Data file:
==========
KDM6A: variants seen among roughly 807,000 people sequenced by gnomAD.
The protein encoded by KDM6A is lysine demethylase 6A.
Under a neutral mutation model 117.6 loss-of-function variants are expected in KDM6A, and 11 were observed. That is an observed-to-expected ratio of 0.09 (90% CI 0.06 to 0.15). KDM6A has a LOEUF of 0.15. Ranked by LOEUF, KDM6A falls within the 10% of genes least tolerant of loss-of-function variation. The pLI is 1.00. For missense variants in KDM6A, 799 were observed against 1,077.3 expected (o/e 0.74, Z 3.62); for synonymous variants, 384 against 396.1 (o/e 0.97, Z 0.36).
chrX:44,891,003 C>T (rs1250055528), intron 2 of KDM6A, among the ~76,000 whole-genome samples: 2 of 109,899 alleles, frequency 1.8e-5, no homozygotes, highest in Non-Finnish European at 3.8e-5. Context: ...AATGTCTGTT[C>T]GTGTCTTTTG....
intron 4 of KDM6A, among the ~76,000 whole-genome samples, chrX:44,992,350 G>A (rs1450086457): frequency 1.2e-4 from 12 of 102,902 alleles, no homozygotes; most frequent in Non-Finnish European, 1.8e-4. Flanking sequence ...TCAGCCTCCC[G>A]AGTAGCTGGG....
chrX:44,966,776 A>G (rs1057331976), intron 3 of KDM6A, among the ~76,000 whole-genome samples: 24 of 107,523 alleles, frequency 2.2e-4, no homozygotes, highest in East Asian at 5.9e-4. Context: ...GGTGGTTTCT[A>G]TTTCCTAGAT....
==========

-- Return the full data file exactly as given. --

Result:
KDM6A: variants seen among roughly 807,000 people sequenced by gnomAD.
The protein encoded by KDM6A is lysine demethylase 6A.
Under a neutral mutation model 117.6 loss-of-function variants are expected in KDM6A, and 11 were observed. That is an observed-to-expected ratio of 0.09 (90% CI 0.06 to 0.15). KDM6A has a LOEUF of 0.15. Ranked by LOEUF, KDM6A falls within the 10% of genes least tolerant of loss-of-function variation. The pLI is 1.00. For missense variants in KDM6A, 799 were observed against 1,077.3 expected (o/e 0.74, Z 3.62); for synonymous variants, 384 against 396.1 (o/e 0.97, Z 0.36).
chrX:44,891,003 C>T (rs1250055528), intron 2 of KDM6A, among the ~76,000 whole-genome samples: 2 of 109,899 alleles, frequency 1.8e-5, no homozygotes, highest in Non-Finnish European at 3.8e-5. Context: ...AATGTCTGTT[C>T]GTGTCTTTTG....
intron 4 of KDM6A, among the ~76,000 whole-genome samples, chrX:44,992,350 G>A (rs1450086457): frequency 1.2e-4 from 12 of 102,902 alleles, no homozygotes; most frequent in Non-Finnish European, 1.8e-4. Flanking sequence ...TCAGCCTCCC[G>A]AGTAGCTGGG....
chrX:44,966,776 A>G (rs1057331976), intron 3 of KDM6A, among the ~76,000 whole-genome samples: 24 of 107,523 alleles, frequency 2.2e-4, no homozygotes, highest in East Asian at 5.9e-4. Context: ...GGTGGTTTCT[A>G]TTTCCTAGAT....